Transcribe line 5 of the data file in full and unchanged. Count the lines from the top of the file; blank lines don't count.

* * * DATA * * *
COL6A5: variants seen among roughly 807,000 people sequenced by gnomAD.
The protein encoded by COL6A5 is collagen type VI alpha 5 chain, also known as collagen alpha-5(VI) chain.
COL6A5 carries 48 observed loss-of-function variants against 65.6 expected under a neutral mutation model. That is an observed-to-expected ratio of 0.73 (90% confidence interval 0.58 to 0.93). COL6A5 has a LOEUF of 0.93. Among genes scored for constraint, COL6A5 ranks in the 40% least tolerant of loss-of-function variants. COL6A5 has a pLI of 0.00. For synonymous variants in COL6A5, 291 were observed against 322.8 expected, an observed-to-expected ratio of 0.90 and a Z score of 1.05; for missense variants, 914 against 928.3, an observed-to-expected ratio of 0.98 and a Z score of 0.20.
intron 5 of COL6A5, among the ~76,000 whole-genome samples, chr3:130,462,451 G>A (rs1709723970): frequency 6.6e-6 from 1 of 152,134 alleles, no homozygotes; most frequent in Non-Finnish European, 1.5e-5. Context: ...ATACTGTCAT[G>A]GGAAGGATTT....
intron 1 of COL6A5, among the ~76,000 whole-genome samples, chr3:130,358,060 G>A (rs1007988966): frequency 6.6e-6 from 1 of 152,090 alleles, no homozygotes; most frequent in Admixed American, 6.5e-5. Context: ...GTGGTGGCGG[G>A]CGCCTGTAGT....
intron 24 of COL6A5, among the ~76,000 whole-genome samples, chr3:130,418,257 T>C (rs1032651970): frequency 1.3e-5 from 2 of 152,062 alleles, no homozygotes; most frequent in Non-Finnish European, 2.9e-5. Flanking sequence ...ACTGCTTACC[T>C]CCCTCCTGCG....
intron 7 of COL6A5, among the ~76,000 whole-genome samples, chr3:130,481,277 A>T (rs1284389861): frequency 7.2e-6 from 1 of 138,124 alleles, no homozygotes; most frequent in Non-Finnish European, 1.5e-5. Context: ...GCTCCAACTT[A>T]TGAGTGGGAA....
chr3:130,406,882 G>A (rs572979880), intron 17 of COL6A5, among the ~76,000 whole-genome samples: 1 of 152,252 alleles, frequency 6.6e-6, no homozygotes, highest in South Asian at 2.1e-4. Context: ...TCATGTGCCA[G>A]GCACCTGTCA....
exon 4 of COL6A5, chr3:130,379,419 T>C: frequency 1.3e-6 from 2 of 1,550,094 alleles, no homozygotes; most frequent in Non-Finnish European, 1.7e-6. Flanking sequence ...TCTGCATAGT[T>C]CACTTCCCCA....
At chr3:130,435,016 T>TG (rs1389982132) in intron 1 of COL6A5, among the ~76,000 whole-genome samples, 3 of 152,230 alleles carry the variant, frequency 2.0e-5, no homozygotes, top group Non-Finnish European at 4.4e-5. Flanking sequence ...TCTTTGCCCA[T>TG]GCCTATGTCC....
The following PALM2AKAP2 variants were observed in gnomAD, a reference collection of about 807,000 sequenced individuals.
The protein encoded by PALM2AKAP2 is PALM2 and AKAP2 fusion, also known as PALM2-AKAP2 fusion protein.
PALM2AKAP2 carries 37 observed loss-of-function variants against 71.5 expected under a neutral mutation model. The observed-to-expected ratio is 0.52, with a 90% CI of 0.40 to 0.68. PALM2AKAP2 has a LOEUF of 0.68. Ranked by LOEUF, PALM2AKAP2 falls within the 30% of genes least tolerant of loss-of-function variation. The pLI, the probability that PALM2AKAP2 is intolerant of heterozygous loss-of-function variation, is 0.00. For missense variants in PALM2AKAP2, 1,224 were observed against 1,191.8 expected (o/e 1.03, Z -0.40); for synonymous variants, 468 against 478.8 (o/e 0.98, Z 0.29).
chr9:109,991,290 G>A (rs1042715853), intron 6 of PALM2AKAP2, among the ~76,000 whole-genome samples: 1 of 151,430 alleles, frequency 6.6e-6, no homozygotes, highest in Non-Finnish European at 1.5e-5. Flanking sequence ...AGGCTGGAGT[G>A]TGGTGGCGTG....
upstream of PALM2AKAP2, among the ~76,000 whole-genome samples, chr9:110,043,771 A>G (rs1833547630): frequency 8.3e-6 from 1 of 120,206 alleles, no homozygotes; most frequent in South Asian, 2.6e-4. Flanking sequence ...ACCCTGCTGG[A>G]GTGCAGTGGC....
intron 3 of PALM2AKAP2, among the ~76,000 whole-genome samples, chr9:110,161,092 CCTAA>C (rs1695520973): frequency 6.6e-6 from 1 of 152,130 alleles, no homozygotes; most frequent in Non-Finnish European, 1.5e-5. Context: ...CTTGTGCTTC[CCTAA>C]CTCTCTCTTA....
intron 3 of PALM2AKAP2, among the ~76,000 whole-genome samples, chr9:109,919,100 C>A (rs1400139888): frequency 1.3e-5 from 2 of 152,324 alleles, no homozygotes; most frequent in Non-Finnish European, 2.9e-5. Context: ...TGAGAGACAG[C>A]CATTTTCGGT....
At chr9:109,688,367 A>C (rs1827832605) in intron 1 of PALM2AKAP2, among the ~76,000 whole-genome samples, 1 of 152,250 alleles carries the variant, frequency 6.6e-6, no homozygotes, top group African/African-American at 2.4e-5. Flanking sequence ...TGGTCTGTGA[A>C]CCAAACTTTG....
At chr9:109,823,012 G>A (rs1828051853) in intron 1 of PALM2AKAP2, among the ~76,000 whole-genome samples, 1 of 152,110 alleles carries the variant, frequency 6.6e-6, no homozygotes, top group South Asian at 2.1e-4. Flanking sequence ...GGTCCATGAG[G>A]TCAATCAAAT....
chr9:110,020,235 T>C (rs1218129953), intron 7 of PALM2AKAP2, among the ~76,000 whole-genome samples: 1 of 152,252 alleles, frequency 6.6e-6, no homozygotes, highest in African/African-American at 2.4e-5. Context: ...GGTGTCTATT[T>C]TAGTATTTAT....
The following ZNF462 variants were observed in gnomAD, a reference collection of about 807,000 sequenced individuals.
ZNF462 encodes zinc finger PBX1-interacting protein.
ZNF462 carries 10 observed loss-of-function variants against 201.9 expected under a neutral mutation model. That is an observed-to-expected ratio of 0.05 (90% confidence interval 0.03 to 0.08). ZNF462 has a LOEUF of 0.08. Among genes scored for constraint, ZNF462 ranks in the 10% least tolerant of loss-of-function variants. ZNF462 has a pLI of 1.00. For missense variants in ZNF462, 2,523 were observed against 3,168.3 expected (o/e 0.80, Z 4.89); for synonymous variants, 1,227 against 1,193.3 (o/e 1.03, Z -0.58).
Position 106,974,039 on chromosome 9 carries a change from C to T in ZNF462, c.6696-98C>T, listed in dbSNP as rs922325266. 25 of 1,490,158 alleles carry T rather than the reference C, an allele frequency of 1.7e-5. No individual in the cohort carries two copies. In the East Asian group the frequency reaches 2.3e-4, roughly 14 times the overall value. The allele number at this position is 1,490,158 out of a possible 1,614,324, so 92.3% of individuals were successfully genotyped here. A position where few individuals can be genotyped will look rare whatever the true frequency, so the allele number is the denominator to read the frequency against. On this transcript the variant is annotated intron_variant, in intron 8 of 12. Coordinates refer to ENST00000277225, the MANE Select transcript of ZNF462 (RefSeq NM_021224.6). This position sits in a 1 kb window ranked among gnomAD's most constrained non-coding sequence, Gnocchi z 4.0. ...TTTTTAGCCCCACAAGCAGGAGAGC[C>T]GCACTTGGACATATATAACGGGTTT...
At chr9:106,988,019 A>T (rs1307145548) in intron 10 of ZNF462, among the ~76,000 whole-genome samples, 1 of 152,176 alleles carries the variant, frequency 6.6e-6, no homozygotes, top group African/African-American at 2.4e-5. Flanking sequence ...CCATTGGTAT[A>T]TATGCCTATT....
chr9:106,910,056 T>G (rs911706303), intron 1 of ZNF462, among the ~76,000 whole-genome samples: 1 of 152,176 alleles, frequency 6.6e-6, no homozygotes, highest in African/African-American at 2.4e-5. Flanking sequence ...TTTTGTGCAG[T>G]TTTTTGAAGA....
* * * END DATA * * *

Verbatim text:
intron 1 of COL6A5, among the ~76,000 whole-genome samples, chr3:130,358,060 G>A (rs1007988966): frequency 6.6e-6 from 1 of 152,090 alleles, no homozygotes; most frequent in Admixed American, 6.5e-5. Context: ...GTGGTGGCGG[G>A]CGCCTGTAGT....